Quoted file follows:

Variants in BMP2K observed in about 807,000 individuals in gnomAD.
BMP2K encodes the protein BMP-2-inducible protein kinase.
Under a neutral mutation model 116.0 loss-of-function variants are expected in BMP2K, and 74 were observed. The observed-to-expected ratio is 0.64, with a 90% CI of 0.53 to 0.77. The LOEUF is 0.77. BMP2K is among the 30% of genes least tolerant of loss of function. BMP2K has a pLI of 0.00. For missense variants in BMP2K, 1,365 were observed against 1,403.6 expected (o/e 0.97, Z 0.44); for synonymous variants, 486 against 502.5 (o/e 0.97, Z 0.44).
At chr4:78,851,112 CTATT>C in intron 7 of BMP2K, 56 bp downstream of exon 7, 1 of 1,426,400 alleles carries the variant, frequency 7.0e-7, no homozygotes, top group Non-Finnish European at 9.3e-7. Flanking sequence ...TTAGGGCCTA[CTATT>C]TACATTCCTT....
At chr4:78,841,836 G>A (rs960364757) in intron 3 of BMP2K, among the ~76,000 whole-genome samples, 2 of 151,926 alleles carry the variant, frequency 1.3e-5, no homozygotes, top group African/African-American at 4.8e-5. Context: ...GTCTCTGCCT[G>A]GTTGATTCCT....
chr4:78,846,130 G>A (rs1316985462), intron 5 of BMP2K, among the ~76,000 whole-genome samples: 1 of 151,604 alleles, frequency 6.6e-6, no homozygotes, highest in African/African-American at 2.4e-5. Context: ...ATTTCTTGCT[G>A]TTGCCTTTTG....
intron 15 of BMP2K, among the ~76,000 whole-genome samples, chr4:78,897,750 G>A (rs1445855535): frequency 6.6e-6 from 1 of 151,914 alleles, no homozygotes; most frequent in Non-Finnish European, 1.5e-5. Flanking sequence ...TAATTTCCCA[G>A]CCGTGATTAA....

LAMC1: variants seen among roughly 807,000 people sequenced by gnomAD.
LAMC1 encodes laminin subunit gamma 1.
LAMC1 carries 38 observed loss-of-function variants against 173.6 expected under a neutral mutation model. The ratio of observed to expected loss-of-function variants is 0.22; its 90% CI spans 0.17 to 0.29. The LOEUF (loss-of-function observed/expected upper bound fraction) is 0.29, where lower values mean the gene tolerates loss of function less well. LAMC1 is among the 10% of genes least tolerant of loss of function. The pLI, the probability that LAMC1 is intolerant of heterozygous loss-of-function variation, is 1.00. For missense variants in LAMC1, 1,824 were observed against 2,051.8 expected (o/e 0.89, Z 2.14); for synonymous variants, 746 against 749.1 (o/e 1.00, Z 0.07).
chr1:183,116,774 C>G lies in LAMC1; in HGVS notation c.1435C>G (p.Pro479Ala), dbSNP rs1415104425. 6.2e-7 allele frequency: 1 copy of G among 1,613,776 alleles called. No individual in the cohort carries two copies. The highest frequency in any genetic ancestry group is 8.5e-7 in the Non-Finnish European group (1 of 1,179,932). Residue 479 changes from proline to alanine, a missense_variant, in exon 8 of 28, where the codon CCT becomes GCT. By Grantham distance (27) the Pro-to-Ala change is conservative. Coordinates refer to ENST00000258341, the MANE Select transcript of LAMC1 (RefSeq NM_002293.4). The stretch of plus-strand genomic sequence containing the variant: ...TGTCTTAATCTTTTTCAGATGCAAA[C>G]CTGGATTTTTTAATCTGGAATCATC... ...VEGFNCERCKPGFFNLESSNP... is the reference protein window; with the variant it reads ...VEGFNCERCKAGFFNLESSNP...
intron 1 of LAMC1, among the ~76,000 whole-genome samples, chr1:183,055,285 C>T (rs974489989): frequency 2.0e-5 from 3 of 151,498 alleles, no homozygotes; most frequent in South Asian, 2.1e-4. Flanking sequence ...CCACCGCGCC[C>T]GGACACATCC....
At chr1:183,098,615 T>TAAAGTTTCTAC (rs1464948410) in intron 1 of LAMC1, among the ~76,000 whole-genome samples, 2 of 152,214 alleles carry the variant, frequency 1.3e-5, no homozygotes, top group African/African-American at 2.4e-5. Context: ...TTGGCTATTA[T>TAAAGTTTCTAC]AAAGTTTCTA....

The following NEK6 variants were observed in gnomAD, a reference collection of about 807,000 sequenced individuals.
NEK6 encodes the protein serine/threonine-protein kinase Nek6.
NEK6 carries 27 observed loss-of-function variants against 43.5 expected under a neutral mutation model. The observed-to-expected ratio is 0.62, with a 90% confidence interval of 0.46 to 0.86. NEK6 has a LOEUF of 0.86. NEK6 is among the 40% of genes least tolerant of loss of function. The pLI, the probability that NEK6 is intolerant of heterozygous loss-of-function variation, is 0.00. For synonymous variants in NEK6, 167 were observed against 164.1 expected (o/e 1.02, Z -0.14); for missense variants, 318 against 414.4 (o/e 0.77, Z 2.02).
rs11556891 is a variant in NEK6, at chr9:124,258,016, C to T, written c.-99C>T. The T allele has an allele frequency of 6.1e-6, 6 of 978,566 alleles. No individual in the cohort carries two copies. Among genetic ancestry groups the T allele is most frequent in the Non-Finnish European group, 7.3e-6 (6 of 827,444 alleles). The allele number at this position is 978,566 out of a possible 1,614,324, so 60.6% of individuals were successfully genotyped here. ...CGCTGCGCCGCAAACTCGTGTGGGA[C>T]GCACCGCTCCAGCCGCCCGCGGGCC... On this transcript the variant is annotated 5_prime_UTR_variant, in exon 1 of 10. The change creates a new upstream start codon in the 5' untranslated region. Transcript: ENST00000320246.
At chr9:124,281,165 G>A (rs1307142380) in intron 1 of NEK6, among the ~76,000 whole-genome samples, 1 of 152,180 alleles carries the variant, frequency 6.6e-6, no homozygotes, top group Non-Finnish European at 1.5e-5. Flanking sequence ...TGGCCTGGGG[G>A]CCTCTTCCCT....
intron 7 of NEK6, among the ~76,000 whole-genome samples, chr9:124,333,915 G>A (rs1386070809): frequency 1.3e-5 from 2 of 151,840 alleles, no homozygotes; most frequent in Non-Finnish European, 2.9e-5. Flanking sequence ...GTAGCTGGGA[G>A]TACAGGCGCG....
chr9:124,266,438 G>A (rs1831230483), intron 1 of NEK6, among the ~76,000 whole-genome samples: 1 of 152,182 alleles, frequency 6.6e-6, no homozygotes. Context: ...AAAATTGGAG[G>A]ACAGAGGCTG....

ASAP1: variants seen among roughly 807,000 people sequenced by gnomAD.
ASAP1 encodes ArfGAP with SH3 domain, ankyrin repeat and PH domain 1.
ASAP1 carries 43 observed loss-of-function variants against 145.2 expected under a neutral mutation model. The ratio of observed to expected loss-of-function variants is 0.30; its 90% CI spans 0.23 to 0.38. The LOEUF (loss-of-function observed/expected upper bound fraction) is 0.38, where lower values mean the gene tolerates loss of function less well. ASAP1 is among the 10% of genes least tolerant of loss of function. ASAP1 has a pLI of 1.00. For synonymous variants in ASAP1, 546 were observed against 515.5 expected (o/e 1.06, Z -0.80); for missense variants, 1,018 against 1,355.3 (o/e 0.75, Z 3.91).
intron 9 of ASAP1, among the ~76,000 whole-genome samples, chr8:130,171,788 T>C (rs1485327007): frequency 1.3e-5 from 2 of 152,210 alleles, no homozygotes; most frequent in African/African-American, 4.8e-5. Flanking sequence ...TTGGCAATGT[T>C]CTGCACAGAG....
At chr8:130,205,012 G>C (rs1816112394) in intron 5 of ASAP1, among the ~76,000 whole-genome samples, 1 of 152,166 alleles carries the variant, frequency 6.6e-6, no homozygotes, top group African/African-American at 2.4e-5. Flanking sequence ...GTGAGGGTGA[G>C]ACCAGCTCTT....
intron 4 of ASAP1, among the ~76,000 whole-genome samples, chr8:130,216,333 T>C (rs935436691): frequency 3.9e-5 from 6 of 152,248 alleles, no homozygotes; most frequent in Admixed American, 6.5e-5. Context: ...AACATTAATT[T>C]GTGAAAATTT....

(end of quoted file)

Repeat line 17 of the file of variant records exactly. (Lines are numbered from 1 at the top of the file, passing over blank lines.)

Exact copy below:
rs11556891 is a variant in NEK6, at chr9:124,258,016, C to T, written c.-99C>T. The T allele has an allele frequency of 6.1e-6, 6 of 978,566 alleles. No individual in the cohort carries two copies. Among genetic ancestry groups the T allele is most frequent in the Non-Finnish European group, 7.3e-6 (6 of 827,444 alleles). The allele number at this position is 978,566 out of a possible 1,614,324, so 60.6% of individuals were successfully genotyped here. ...CGCTGCGCCGCAAACTCGTGTGGGA[C>T]GCACCGCTCCAGCCGCCCGCGGGCC... On this transcript the variant is annotated 5_prime_UTR_variant, in exon 1 of 10. The change creates a new upstream start codon in the 5' untranslated region. Transcript: ENST00000320246.